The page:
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Yale System thriving, says new deputy dean

Yale Medicine Magazine, 1998 - Fall


Although it is alternately misunderstood, revered, tolerated and adored, the Yale System is alive and well, Robert H. Gifford, M.D., deputy dean for education, told alumni gathered in the Hope Building during reunion weekend. Dr. Gifford noted that “the wheel has simply come ’round again” and cited F.P. Underhill, who chaired the school’s curriculum committee in 1922. “The student,” Dr. Underhill complained at the time, “has become the defenseless recipient of an overwhelming mass of facts.”

Reaffirming the goals of Milton C. Winternitz, M.D., who served as dean of the medical school from 1920 to 1935, Dr. Gifford said, “Memorization of a ‘mass of facts’ was far less important than a well-rounded education in fundamental principles, training in methods of investigation and acquisition of the scientific habit of mind.” Burdening the students with a heavy curriculum discourages independence and initiative and leaves little time for electives, independent thought or reading in the library, Dr. Gifford said.

Underlying the Yale System is the presumption that graduate students are mature individuals with a strong motivation to learn. As a result, attendance is not taken at lectures, small group teaching is emphasized and there are no grades or class rankings. Although examinations remain anonymous, a qualifying exam must be passed in every course and all students must write a thesis based on original research in order to graduate. According to Dr. Gifford, the school still adheres to these principles, but the number of lectures has gradually increased. And honor societies such as Alpha Omega Alpha, which recognizes only the top students in each class, have somewhat undermined the Yale System’s traditional opposition to class rankings, he said.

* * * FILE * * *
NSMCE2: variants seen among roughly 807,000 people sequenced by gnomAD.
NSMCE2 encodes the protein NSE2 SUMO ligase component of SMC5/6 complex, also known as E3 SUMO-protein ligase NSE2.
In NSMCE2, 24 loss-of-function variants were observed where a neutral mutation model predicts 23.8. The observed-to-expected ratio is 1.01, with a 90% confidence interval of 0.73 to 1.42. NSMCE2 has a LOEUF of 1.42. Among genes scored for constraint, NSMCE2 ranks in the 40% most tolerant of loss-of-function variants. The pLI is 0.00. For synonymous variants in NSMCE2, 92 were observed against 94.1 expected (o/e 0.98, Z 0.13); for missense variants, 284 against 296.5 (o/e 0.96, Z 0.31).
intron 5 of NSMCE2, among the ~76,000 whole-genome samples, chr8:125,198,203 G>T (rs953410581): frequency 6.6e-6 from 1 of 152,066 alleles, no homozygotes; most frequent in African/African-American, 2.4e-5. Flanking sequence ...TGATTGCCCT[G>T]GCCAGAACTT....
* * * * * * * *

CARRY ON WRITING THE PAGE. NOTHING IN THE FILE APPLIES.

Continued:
The freedom accorded to students brings with it a responsibility that is at times ignored, Dr. Gifford said. He took students to task for what he described as a “cavalier” attitude towards small group seminars which depend on student to student interaction. Attendance, he said, tends to drop, particularly around the time of the second year show in February and national board examinations in the spring.

While most of the faculty support the system, he said, a minority “look at it with some derision as a way for students to slip by without academic rigor, to be self-indulgent, spoiled, entitled to do anything they want.”

Dr. Gifford also took on the issue of payment of faculty who assume major teaching burdens. Most faculty, those who give lectures or moderate seminars, receive no remuneration, and that is appropriate. “But asking someone to be a course coordinator, to organize a new course, to chair a curriculum committee, to organize and run a new course is a very different matter,” Dr. Gifford said, “and, in my judgment, should be accompanied by partial salary support.” He proposed enlarging an educational fund so that those who shoulder unusual time commitments to teaching can receive a portion of their salary for their efforts.

Noting the curriculum requires attendance at too many lectures, Dr. Gifford called for more case-based conferences as an alternative.

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